Private Money411 Magazine - The Source for Real Estate Finance - Page 15
Is Owning Investment Property
the Best Way to Generate Income
from Real Estate?
Insights by GCA Equity Partners, LLC
Why I Like Private Lending
Private lending simply means providing loans that
are secured by real property. The investor/lender
earns money by collecting interest for their loans
and in some cases can also profit from appreciation in the property that they are lending against.
Private lending isn’t for every investor, but the
following are some of the reasons why I like it as
part of my real estate investment strategy.
1) The returns can be as good, or better than
those you get from renting property.
2) Your loan is secured by the equity in the
property you are lending against.
3) Since you don’t own the property, you
don’t have to manage tenant or maintenance
4) You can invest in loans made against a
wide range of property types.
5) Many different lending models are available from one investor / one loan to pooled
I Want to Share a
Secret with You…
I used to believe that the only way to generate income
through real estate investing was by owning property
and renting it out. I bought (and later sold) single family
rental houses, fixed them up whenever necessary, and
found tenants for each of them.
What I quickly learned was that being a landlord
wasn’t as easy as I expected. I had to deal with tenant
issues and maintenance problems, and pay for “extras” I
hadn’t really considered like insurance and property taxes. (I quickly found out why landlords like to complain
about the “three Ts” – tenants, toilets, and taxes!)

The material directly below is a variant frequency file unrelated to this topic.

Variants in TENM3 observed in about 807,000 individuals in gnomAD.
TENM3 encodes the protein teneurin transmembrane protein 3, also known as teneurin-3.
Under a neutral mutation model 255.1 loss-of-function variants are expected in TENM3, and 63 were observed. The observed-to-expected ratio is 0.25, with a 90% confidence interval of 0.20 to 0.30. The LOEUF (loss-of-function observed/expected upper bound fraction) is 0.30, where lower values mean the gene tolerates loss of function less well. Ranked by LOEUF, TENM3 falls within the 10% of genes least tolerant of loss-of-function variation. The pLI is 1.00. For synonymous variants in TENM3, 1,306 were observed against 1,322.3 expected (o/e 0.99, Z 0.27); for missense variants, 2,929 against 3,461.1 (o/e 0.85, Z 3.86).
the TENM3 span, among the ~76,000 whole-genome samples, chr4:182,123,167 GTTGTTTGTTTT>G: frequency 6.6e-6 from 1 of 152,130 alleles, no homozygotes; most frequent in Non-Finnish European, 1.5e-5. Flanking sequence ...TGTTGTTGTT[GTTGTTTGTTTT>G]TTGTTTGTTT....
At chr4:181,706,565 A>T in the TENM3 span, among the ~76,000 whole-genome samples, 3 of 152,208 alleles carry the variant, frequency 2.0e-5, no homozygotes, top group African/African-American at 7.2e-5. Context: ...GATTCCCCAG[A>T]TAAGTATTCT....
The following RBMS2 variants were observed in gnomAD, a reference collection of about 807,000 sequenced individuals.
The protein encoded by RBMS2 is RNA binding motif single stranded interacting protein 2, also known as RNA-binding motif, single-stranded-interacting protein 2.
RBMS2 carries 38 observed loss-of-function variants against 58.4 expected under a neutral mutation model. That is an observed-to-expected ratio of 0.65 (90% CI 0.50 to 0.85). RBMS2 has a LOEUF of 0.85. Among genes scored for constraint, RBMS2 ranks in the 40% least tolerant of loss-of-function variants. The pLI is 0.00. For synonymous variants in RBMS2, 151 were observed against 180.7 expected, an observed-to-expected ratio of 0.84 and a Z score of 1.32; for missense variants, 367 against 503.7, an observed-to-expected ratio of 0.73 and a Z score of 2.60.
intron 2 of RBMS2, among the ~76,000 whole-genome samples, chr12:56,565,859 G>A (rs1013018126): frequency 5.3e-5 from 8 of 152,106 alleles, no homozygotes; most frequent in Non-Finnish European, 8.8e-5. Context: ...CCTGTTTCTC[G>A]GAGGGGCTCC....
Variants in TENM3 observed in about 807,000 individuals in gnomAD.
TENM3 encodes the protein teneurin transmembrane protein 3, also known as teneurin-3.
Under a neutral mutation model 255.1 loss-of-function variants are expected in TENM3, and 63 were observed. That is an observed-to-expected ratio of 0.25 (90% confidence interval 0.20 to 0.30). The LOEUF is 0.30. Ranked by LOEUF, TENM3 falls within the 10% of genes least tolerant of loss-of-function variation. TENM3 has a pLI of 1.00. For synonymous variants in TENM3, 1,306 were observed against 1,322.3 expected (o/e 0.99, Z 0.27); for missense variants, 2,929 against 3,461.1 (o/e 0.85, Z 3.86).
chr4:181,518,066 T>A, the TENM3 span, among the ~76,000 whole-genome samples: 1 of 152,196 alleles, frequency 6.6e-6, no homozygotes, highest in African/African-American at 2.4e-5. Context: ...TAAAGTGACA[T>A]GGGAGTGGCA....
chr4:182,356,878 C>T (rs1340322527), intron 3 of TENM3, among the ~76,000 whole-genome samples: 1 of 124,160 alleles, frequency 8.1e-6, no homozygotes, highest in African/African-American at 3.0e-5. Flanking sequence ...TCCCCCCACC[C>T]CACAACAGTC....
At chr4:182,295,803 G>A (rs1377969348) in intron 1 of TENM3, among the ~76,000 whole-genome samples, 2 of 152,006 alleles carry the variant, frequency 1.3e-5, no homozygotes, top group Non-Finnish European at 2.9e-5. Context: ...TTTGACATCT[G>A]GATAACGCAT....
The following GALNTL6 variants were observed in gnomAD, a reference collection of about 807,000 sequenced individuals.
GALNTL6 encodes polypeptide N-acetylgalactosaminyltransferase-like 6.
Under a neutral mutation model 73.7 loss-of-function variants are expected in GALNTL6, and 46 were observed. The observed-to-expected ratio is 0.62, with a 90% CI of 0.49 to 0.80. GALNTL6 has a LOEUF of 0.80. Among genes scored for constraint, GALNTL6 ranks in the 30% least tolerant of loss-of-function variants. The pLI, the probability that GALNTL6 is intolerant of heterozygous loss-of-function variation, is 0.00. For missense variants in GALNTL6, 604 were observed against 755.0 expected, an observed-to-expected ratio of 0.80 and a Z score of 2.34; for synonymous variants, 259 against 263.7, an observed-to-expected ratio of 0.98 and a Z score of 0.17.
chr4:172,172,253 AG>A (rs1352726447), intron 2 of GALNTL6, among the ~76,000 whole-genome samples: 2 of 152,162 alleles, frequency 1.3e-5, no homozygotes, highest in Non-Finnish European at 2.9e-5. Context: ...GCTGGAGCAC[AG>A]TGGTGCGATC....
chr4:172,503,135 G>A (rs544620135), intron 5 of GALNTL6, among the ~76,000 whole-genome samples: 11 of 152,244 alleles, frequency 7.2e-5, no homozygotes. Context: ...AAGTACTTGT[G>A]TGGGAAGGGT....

I didn’t realize that there was another way to create
income through real estate investing – a way that more
sophisticated investors had figured out which earned
them solid returns without the hassles of owning property directly. It’s called “private lending”.
Different Private Lending Models
The most basic private lending model is to provide first
mortgages to individuals or entities that need them to buy
or refinance a property. In this case, the loans may be
structured in two ways. First, as fully amortized, meaning
principal and interest are repaid together on a regular,
periodic basis. Alternatively, as interest only, meaning only
regular, periodic interest is paid during the life of the loan,
with the principal repaid in a single balloon payment at the
end of the loan.
Another model is to provide second mortgages to borrowers, typically for a higher rate of interest and structured
as fully amortized or interest-only loans. These second
mortgages can be higher risk since, in the event of a default, foreclosure, and/or property sale – the first mortgages are paid off first and any remaining money is used to
pay the second or further subordinated mortgages.
A third model is known as shared equity. In this model,
the lender provides the borrower with a loan in return for
interest and a share of the appreciation in the property
when it is resold. Shared equity models typically only apply
Continued on pg. 17
PAGE 15 • 2015